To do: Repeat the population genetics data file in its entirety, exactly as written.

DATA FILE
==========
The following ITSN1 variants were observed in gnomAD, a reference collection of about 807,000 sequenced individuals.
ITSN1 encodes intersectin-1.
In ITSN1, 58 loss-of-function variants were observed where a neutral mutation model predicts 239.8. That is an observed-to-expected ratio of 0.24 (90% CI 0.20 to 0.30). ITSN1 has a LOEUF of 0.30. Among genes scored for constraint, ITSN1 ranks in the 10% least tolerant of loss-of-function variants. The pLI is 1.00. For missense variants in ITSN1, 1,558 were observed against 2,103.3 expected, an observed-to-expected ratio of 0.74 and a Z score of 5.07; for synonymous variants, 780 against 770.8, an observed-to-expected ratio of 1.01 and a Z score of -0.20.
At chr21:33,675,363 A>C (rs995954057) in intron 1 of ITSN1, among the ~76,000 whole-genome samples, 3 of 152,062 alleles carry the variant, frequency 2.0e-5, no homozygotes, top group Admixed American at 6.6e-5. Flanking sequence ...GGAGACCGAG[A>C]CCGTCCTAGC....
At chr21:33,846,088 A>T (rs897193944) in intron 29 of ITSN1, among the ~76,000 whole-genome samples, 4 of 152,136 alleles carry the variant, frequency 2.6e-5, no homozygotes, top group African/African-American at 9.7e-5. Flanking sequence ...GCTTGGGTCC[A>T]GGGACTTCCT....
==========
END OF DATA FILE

The following ITSN1 variants were observed in gnomAD, a reference collection of about 807,000 sequenced individuals.
ITSN1 encodes intersectin-1.
In ITSN1, 58 loss-of-function variants were observed where a neutral mutation model predicts 239.8. That is an observed-to-expected ratio of 0.24 (90% CI 0.20 to 0.30). ITSN1 has a LOEUF of 0.30. Among genes scored for constraint, ITSN1 ranks in the 10% least tolerant of loss-of-function variants. The pLI is 1.00. For missense variants in ITSN1, 1,558 were observed against 2,103.3 expected, an observed-to-expected ratio of 0.74 and a Z score of 5.07; for synonymous variants, 780 against 770.8, an observed-to-expected ratio of 1.01 and a Z score of -0.20.
At chr21:33,675,363 A>C (rs995954057) in intron 1 of ITSN1, among the ~76,000 whole-genome samples, 3 of 152,062 alleles carry the variant, frequency 2.0e-5, no homozygotes, top group Admixed American at 6.6e-5. Flanking sequence ...GGAGACCGAG[A>C]CCGTCCTAGC....
At chr21:33,846,088 A>T (rs897193944) in intron 29 of ITSN1, among the ~76,000 whole-genome samples, 4 of 152,136 alleles carry the variant, frequency 2.6e-5, no homozygotes, top group African/African-American at 9.7e-5. Flanking sequence ...GCTTGGGTCC[A>T]GGGACTTCCT....